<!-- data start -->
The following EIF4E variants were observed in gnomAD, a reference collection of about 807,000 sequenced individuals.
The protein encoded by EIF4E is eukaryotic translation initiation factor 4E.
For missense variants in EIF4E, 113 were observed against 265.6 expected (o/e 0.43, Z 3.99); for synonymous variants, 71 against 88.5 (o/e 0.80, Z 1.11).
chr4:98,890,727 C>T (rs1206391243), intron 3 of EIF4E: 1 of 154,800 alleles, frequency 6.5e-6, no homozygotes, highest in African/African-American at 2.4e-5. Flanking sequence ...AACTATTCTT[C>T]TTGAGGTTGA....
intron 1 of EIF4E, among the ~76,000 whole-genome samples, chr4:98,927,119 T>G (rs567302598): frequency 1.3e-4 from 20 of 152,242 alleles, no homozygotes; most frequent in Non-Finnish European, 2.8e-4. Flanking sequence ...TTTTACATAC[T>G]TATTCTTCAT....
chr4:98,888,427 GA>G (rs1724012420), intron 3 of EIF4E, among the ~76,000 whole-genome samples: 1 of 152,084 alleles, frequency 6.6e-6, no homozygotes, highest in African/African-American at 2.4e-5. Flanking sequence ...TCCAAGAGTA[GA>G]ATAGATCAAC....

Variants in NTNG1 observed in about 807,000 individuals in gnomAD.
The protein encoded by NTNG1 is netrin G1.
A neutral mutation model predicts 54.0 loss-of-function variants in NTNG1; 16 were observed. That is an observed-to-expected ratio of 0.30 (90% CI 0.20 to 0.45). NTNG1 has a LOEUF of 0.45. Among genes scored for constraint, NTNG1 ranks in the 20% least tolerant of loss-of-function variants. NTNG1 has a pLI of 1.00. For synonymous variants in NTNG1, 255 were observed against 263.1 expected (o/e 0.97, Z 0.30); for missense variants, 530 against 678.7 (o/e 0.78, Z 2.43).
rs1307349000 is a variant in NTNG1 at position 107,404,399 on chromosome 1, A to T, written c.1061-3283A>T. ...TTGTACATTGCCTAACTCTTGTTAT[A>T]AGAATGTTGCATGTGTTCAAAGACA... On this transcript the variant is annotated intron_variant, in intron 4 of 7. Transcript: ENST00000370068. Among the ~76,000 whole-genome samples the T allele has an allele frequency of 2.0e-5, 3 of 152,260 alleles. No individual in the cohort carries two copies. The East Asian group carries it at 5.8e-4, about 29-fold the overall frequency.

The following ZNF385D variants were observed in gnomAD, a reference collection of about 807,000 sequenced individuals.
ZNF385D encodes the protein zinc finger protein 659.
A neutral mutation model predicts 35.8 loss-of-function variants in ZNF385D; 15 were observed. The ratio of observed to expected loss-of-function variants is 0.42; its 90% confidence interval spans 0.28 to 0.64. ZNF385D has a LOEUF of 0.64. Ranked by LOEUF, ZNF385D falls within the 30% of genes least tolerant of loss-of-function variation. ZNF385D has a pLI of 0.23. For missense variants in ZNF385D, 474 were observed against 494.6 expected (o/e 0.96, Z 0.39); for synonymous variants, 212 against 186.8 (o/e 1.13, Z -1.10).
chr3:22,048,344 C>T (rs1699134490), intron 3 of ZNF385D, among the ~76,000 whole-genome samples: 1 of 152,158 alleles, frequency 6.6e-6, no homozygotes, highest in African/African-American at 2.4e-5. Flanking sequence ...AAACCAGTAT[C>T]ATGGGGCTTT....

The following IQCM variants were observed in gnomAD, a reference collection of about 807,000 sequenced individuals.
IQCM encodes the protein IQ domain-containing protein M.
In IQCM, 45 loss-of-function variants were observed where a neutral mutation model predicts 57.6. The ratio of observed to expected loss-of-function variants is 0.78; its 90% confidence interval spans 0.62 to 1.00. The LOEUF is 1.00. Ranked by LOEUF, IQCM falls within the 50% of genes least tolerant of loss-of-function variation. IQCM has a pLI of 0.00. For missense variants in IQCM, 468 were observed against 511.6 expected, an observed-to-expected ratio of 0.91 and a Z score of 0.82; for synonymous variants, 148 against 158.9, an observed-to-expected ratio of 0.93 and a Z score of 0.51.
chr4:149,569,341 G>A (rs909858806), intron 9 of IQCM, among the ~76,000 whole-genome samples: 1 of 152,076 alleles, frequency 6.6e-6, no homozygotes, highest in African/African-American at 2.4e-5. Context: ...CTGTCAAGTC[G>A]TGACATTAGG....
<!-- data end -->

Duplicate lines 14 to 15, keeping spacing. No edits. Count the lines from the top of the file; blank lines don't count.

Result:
chr3:22,048,344 C>T (rs1699134490), intron 3 of ZNF385D, among the ~76,000 whole-genome samples: 1 of 152,158 alleles, frequency 6.6e-6, no homozygotes, highest in African/African-American at 2.4e-5. Flanking sequence ...AAACCAGTAT[C>T]ATGGGGCTTT....

The following IQCM variants were observed in gnomAD, a reference collection of about 807,000 sequenced individuals.